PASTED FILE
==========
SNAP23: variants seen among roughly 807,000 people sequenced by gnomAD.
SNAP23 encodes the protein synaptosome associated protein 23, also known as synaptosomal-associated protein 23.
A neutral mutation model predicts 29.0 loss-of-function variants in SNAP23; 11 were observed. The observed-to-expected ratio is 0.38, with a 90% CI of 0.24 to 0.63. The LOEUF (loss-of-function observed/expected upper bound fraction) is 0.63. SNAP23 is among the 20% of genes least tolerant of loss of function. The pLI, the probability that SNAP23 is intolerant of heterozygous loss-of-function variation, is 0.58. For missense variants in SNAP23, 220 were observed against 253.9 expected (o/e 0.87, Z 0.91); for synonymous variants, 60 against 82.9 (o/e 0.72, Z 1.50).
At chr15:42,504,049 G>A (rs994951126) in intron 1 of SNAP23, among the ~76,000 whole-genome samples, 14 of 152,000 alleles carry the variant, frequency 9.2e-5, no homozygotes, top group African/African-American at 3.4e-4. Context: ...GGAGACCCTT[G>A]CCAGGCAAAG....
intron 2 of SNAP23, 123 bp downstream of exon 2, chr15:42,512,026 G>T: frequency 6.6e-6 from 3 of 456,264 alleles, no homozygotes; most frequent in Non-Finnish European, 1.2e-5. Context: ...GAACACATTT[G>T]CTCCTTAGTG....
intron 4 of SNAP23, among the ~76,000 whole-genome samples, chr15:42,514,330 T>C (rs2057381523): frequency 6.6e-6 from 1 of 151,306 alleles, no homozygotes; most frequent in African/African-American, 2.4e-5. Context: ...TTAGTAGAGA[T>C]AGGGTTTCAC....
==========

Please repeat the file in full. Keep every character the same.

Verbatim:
SNAP23: variants seen among roughly 807,000 people sequenced by gnomAD.
SNAP23 encodes the protein synaptosome associated protein 23, also known as synaptosomal-associated protein 23.
A neutral mutation model predicts 29.0 loss-of-function variants in SNAP23; 11 were observed. The observed-to-expected ratio is 0.38, with a 90% CI of 0.24 to 0.63. The LOEUF (loss-of-function observed/expected upper bound fraction) is 0.63. SNAP23 is among the 20% of genes least tolerant of loss of function. The pLI, the probability that SNAP23 is intolerant of heterozygous loss-of-function variation, is 0.58. For missense variants in SNAP23, 220 were observed against 253.9 expected (o/e 0.87, Z 0.91); for synonymous variants, 60 against 82.9 (o/e 0.72, Z 1.50).
At chr15:42,504,049 G>A (rs994951126) in intron 1 of SNAP23, among the ~76,000 whole-genome samples, 14 of 152,000 alleles carry the variant, frequency 9.2e-5, no homozygotes, top group African/African-American at 3.4e-4. Context: ...GGAGACCCTT[G>A]CCAGGCAAAG....
intron 2 of SNAP23, 123 bp downstream of exon 2, chr15:42,512,026 G>T: frequency 6.6e-6 from 3 of 456,264 alleles, no homozygotes; most frequent in Non-Finnish European, 1.2e-5. Context: ...GAACACATTT[G>T]CTCCTTAGTG....
intron 4 of SNAP23, among the ~76,000 whole-genome samples, chr15:42,514,330 T>C (rs2057381523): frequency 6.6e-6 from 1 of 151,306 alleles, no homozygotes; most frequent in African/African-American, 2.4e-5. Context: ...TTAGTAGAGA[T>C]AGGGTTTCAC....